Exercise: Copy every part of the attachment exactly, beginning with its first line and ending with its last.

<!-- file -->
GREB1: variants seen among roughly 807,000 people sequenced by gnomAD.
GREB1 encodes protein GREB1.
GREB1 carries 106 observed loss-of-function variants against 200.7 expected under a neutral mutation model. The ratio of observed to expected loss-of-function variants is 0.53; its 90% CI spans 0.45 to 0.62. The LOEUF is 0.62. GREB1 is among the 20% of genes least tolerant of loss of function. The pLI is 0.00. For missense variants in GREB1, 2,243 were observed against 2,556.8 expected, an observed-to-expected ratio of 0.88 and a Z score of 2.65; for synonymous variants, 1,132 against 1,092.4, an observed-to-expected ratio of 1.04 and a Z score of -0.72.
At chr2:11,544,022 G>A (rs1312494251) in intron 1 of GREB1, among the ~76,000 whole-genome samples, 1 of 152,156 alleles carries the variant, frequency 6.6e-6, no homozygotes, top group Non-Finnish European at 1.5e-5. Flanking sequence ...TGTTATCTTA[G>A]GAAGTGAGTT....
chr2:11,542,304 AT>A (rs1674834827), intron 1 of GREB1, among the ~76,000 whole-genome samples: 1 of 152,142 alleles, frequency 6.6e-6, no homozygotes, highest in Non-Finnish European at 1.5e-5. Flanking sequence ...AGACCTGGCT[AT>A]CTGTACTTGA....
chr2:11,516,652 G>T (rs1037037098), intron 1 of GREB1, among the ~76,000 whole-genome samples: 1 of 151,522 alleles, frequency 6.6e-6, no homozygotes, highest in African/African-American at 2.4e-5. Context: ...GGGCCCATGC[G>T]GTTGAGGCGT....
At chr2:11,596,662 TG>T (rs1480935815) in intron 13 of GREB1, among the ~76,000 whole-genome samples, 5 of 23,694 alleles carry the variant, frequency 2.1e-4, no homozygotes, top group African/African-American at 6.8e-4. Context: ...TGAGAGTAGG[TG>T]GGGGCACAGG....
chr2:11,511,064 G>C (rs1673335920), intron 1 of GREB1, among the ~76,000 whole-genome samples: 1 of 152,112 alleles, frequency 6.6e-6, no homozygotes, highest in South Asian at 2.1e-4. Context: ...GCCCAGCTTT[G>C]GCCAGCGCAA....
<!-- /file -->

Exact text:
GREB1: variants seen among roughly 807,000 people sequenced by gnomAD.
GREB1 encodes protein GREB1.
GREB1 carries 106 observed loss-of-function variants against 200.7 expected under a neutral mutation model. The ratio of observed to expected loss-of-function variants is 0.53; its 90% CI spans 0.45 to 0.62. The LOEUF is 0.62. GREB1 is among the 20% of genes least tolerant of loss of function. The pLI is 0.00. For missense variants in GREB1, 2,243 were observed against 2,556.8 expected, an observed-to-expected ratio of 0.88 and a Z score of 2.65; for synonymous variants, 1,132 against 1,092.4, an observed-to-expected ratio of 1.04 and a Z score of -0.72.
At chr2:11,544,022 G>A (rs1312494251) in intron 1 of GREB1, among the ~76,000 whole-genome samples, 1 of 152,156 alleles carries the variant, frequency 6.6e-6, no homozygotes, top group Non-Finnish European at 1.5e-5. Flanking sequence ...TGTTATCTTA[G>A]GAAGTGAGTT....
chr2:11,542,304 AT>A (rs1674834827), intron 1 of GREB1, among the ~76,000 whole-genome samples: 1 of 152,142 alleles, frequency 6.6e-6, no homozygotes, highest in Non-Finnish European at 1.5e-5. Flanking sequence ...AGACCTGGCT[AT>A]CTGTACTTGA....
chr2:11,516,652 G>T (rs1037037098), intron 1 of GREB1, among the ~76,000 whole-genome samples: 1 of 151,522 alleles, frequency 6.6e-6, no homozygotes, highest in African/African-American at 2.4e-5. Context: ...GGGCCCATGC[G>T]GTTGAGGCGT....
At chr2:11,596,662 TG>T (rs1480935815) in intron 13 of GREB1, among the ~76,000 whole-genome samples, 5 of 23,694 alleles carry the variant, frequency 2.1e-4, no homozygotes, top group African/African-American at 6.8e-4. Context: ...TGAGAGTAGG[TG>T]GGGGCACAGG....
chr2:11,511,064 G>C (rs1673335920), intron 1 of GREB1, among the ~76,000 whole-genome samples: 1 of 152,112 alleles, frequency 6.6e-6, no homozygotes, highest in South Asian at 2.1e-4. Context: ...GCCCAGCTTT[G>C]GCCAGCGCAA....